Other forms of therapy include radiation therapy (external radiation or radium), sclerosing agents such as sodium morrhuate or psylliate injected into the lesion, CO 2 snow, cryosurgery,  electrocoagulation, and laser therapy  [Table 1].
|Table 1: Different treatment modalities for management of capillary hemangioma|
Click here to view
The prognosis of hemangioma is excellent since it does not become malignant or recur after adequate removal or destruction. In our case, clinically and radiographically, neither the lesion was large nor life-threatening in nature as it didnot show any bony involvement. Hence, it was treated by simple excision under necessary conditions.
| Conclusion|| |
Capillary hemangiomas are infrequently seen on the incisive papilla region and may be easily confused with different lesions, particularly with pyogenic granuloma and irritational fibroma. Early detection and biopsy is necessary to determine the clinical behavior. Dental practitioners should be aware of the risks during diagnosis and management and should take necessary precautions duringthe treatment.
| References|| |
Dilsiz A, Aydin T, Gursan N. Capillary hemangioma as a rare benign tumor of the oral cavity: A case report. Cases J 2009;2:8622.
Rajendran R. Developmental disturbances of oral and paraaoral structures. In: Rajendran R, Sivapathsundram B, editors. Shafer's Textbook of Oral Pathology. 5 th
ed., Vol. 1. Noida: Elsevier Publication; 2006. p. 4-5.
Neville BW, Damm DD, Allen CM, Bouquot JE. Soft tissue tumors. In: Neville BW, Damm DD, Allen CM, Bouquot JE. editors. Textbook of Oral and Maillofacial Pathology. 4 th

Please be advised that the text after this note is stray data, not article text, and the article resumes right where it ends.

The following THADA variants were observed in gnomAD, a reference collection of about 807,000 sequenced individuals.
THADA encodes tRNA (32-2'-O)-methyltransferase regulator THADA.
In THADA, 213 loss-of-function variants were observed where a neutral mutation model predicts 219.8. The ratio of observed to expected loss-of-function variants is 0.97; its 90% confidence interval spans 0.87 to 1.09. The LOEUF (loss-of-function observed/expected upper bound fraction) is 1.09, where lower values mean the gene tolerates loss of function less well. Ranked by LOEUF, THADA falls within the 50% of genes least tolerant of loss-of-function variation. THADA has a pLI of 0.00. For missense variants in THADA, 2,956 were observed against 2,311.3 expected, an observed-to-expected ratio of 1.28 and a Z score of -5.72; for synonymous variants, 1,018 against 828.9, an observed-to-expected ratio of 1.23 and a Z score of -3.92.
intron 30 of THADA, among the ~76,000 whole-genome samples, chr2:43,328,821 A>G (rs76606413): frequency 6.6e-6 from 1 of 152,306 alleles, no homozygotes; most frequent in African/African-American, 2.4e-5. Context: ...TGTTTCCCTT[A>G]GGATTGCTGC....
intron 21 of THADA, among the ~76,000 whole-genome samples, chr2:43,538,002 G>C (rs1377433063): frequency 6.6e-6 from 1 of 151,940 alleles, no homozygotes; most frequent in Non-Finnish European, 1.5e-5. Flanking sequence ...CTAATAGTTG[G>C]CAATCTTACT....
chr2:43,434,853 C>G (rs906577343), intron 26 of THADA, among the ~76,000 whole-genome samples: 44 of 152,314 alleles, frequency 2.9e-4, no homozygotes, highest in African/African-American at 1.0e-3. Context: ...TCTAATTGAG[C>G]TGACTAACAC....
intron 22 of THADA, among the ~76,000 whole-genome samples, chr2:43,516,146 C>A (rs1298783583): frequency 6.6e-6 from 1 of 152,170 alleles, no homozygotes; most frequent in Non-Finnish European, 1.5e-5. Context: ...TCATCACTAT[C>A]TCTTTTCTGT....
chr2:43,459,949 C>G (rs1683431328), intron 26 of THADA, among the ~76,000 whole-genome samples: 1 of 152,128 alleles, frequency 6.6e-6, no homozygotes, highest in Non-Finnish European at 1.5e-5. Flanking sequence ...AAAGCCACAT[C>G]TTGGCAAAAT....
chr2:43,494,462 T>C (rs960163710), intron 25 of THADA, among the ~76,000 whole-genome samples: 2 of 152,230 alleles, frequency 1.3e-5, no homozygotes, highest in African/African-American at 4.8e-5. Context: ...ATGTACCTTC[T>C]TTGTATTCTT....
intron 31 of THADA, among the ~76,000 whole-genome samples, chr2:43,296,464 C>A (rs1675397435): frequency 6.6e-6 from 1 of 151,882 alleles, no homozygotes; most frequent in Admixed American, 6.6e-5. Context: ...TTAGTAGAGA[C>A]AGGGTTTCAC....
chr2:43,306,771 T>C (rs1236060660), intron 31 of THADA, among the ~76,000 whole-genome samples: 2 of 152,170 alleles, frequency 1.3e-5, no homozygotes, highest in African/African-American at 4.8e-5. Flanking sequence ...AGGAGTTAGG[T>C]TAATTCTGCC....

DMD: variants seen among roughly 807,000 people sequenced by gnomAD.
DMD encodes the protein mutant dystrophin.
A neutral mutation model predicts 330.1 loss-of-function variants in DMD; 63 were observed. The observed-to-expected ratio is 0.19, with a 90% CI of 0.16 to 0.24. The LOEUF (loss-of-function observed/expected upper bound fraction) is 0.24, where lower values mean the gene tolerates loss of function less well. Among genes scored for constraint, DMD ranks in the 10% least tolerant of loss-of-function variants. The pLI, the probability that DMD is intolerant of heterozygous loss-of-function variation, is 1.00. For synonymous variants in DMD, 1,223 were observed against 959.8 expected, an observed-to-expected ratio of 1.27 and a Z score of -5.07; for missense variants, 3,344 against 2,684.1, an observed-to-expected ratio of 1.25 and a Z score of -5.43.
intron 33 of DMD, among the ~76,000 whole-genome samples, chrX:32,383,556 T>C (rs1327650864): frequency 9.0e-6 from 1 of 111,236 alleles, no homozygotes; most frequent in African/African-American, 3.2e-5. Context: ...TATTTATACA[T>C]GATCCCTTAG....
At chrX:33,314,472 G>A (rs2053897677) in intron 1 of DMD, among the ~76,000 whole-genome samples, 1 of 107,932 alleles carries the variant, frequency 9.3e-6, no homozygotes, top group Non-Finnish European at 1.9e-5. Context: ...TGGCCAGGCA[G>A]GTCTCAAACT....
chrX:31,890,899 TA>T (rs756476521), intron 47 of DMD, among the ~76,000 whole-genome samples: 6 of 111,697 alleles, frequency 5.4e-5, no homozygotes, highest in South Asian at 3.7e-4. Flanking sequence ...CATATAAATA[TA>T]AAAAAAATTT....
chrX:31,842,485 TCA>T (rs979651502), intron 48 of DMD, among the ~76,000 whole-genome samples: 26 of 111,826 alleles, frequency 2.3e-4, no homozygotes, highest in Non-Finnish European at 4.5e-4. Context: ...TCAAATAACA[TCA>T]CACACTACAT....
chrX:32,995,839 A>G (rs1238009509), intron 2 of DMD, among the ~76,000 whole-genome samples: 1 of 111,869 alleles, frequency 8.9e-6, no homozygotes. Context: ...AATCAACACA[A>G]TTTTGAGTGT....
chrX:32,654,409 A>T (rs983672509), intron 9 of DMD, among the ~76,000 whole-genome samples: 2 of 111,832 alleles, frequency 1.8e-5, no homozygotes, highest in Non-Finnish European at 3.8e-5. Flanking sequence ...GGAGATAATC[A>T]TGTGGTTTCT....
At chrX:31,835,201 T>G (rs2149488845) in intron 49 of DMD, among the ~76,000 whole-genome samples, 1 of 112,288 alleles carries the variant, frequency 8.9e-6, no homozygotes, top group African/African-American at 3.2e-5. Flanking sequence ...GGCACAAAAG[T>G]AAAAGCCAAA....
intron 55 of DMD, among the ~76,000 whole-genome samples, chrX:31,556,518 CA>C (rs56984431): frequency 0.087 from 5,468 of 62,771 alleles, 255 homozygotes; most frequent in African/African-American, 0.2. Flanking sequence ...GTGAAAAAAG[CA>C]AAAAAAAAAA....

ed., Vol. 12. Philadelphia; WB Saunders; Elsevier Publication; 2009. p. 468-9.
Sznajder N, Dominguez FV, Carraro JJ, Lis G. Hemorrhagic hemangioma of gingiva: Report of a case. J Periodontal 1973;44:579-582.
Jerald J, Ronald B. Lesions of the facial skin. In. Wood NK, Goaz PW. editors. Differential Diagnosis of Oral and Maxillofaciallesions. 5 th
ed. St. Louis: Mosby: Elsevier Publication; 1997. p. 548-50.
Rajendran R. Benign and malignant tumors of oral cavity. In: Rajendran R, Sivapathsundram B, editors. Shafer's Textbook of Oral Pathology. 6 th
ed. Noida: Elsevier Publication; 2009. p. 140-1.
Mills SE, Cooper PH, Fechner RE. Lobular capillary hemangioma: The underlying lesion of pyogenic granuloma. A study of 73 cases from the oral and nasal mucous membranes. Am J Surg Pathol 1980;4:470-9.
Bhansali RS, Yeltiwar RK, Agrawal AA. Periodontal management of gingival enlargement associated with Sturge-Weber syndrome. J Periodontol 2008;79:549-55.
Sloan GM, Reinisch JF, Nichter LS, Saber WL, Lew K, Morwood DT. Intralesional corticosteroid therapy for infantile hemangiomas. Plast Reconstr Surg 1989;83:459-67.
[Figure 1], [Figure 2], [Figure 3], [Figure 4]